corruption, introduced reforms including the distribution of unoccupied land to
the peasants, built thousands of new schools and introduced free places at
universities. He has taken steps to root out corruption, which is a huge issue
not just in Venezuela but throughout Latin America. However, he has not been
prepared to break with capitalism and adopt a socialist programme based on a
nationalised and democratically planned and controlled economy.
Masses must be mobilised
April's coup gave a
warning, this 'strike' is the second shot across his bow. Polarisation is now
so pronounced that there is a real danger of a civil war developing. Many of
Chavez's supporters amongst the poor are determined to fight the attempts to
remove him. This determination must be given concrete expression if the right
wing is to be defeated. If it is not organised and does not find a clear
revolutionary socialist expression, this mood of defiance could eventually evaporate
when faced with a decisive blow from the right wing. It should be remembered
that only one week before Pinochet's coup, 500,000 marched demanding arms. When
the decisive moment arrived, however, the workers' movement was left paralysed
because of the failure of its leaders to carry through the necessary
preparation and action to defeat the coup.
The class polarisation in
Venezuela may yet force Chavez to take further radical steps in the short term.
The army has been used to break open a Coca-Cola bottling plant closed by the
management. Soldiers distributed bottles of water and drinks to the poor.
Chavez has ordered military units to take similar action against companies
guilty of 'hoarding goods': "Those who attempt to deprive the people of food
and then complain that Chavez is arbitrary are traitors to the nation", he
declared. This has frightened capitalist commentators: "US corporations
with interests in Venezuela are facing increasing risk of government
intervention, or even expropriation, as President Hugo Chavez moves to confront
a general strike and consolidate his position, business leaders warned
yesterday" (Financial Times, 20 January 2002).
A socialist Venezuela
There is an urgent
necessity for independent action and organisation by the working class. The
Bolivarian Circles, set up by Chavez, must be expanded and strengthened to
include elected representatives from all the workplaces, shantytown dwellers
and rank-and-file soldiers. Armed defence detachments must be created in each
local area. The Bolivarian Circles must also be linked up on a local, city-wide
and national basis, and a national congress convened with the aim of forming a
democratic government of working people with a socialist programme that will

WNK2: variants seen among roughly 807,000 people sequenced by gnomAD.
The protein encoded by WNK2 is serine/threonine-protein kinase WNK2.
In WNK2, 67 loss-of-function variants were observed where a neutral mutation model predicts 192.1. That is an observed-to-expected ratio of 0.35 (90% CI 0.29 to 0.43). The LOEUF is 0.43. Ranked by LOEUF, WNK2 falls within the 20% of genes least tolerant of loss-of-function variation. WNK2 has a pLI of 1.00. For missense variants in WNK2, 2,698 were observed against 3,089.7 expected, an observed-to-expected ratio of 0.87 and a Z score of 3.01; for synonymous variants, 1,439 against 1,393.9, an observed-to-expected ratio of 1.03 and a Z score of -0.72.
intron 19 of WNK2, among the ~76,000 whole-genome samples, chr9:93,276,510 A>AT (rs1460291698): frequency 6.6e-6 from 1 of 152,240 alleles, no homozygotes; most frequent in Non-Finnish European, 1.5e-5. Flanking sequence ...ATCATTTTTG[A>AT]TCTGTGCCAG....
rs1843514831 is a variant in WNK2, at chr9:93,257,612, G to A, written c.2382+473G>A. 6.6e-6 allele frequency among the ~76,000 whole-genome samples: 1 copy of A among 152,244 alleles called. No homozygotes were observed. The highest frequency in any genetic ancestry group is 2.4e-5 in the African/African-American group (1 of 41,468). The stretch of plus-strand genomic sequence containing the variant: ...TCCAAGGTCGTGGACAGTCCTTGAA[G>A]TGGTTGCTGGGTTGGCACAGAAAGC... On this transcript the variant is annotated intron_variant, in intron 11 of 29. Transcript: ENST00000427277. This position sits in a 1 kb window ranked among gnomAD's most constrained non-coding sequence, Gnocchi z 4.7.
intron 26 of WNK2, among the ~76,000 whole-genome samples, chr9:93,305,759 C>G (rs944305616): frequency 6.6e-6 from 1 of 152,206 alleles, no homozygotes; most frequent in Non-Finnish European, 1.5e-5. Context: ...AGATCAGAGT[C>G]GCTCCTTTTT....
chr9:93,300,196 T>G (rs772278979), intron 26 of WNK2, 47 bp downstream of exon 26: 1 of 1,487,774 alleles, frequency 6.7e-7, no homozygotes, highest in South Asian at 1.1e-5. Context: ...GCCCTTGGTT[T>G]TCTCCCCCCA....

break with capitalism.
An emergency programme for
the economy needs to be established. The basis of the programme would be the
nationalisation of the major companies, banking and finance, controlled and
managed democratically by the working class.
The call should go out for
skilled workers and the middle class to join the struggle to rebuild the
economy; planning it to meet the needs of the mass of the population and not
just the rich elite which exploits the middle class as well as the workers and
The establishment of a democratic,
socialist Venezuela, if linked to an appeal to the masses of the whole of Latin
America for solidarity action and to overthrow capitalism and landlordism,
would win massive support. It would gain the backing of "latinos" in
the USA and, through them, the North American working class. Ultimately, it is
the only way to defeat US imperialism and capitalist reaction in Venezuela.
If Chavez succeeds in
riding out this crisis, the current social and political issues will remain.
There will be other attempts to overthrow him, including the possibility of a
military coup. This would provoke massive turmoil throughout Latin America. The
situation is not the same as the 1970s however. There is a profound hatred of
military dictatorship following the experience of living under the "iron
heel" of the likes of Pinochet. In Argentina, where in many respects
conditions are ripe for military intervention, even the armed forces have
opposed taking this road at this stage.
This does not mean that it
is excluded, but that it will be more complicated than in the past. Despite the
fact that Chavez's radical regime has not brought about significant economic
gains for the poor, he retains enormous support. Chavez is seen as the only one
"who speaks for us and cares about us". The poor in the shantytowns
are aware of what a return to the old
dynasty would mean for them and remain resolutely opposed to it. The stormy
events in Venezuela are at the heart of the social and economic crisis which is
now unfolding throughout Latin America. They illustrate, above all, the need to
build new independent mass parties of the working class with revolutionary
socialist policies in Venezuela, Argentina, Brazil and throughout Latin America
as the only way out of the impasse which exists under capitalism.